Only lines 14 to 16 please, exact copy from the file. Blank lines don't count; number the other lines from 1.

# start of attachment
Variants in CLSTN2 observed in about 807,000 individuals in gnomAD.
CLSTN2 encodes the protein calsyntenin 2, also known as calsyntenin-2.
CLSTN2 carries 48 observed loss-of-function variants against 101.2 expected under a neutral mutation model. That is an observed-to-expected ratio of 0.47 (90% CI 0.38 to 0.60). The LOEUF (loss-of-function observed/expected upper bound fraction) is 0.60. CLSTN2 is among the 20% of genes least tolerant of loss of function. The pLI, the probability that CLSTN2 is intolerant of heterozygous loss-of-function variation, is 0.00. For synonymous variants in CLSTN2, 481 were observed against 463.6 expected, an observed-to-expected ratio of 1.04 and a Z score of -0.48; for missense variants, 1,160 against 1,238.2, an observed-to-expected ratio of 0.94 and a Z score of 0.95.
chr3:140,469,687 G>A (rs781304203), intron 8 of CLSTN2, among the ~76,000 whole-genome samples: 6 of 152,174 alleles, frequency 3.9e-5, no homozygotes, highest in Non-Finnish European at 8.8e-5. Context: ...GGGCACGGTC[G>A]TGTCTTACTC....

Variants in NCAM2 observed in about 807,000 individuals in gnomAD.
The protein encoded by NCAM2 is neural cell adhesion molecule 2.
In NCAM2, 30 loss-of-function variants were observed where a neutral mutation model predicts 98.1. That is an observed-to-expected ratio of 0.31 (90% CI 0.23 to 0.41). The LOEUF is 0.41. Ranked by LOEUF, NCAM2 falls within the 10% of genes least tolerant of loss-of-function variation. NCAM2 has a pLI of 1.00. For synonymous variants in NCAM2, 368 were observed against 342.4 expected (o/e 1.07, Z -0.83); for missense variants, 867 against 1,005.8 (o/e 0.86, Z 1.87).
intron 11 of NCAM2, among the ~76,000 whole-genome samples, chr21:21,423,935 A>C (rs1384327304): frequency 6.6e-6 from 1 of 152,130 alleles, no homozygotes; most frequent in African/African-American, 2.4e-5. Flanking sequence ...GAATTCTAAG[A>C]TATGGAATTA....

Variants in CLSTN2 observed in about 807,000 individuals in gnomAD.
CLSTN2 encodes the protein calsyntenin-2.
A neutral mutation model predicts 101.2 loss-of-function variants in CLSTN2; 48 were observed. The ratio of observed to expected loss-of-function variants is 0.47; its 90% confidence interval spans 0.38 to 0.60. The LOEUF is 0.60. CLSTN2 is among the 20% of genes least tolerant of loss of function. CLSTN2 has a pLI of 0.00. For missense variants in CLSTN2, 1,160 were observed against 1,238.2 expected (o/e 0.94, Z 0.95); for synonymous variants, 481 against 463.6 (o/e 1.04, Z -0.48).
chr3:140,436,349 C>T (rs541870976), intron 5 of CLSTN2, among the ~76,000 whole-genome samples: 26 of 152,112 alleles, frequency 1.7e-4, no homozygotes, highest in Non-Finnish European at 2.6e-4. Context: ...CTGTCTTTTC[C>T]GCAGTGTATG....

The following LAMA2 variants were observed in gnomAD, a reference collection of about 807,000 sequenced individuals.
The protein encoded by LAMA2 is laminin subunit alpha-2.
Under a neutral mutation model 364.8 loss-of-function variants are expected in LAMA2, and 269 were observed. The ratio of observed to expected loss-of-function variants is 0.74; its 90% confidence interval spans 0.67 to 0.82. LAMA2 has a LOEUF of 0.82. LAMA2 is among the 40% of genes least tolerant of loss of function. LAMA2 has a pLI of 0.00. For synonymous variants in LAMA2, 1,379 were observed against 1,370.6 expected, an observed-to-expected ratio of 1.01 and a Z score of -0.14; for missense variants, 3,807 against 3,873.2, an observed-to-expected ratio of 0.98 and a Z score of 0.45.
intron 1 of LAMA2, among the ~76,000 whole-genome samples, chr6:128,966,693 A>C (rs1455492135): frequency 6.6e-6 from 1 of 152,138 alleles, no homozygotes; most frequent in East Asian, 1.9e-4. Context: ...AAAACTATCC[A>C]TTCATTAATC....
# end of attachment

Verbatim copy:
The protein encoded by LAMA2 is laminin subunit alpha-2.
Under a neutral mutation model 364.8 loss-of-function variants are expected in LAMA2, and 269 were observed. The ratio of observed to expected loss-of-function variants is 0.74; its 90% confidence interval spans 0.67 to 0.82. LAMA2 has a LOEUF of 0.82. LAMA2 is among the 40% of genes least tolerant of loss of function. LAMA2 has a pLI of 0.00. For synonymous variants in LAMA2, 1,379 were observed against 1,370.6 expected, an observed-to-expected ratio of 1.01 and a Z score of -0.14; for missense variants, 3,807 against 3,873.2, an observed-to-expected ratio of 0.98 and a Z score of 0.45.
intron 1 of LAMA2, among the ~76,000 whole-genome samples, chr6:128,966,693 A>C (rs1455492135): frequency 6.6e-6 from 1 of 152,138 alleles, no homozygotes; most frequent in East Asian, 1.9e-4. Context: ...AAAACTATCC[A>C]TTCATTAATC....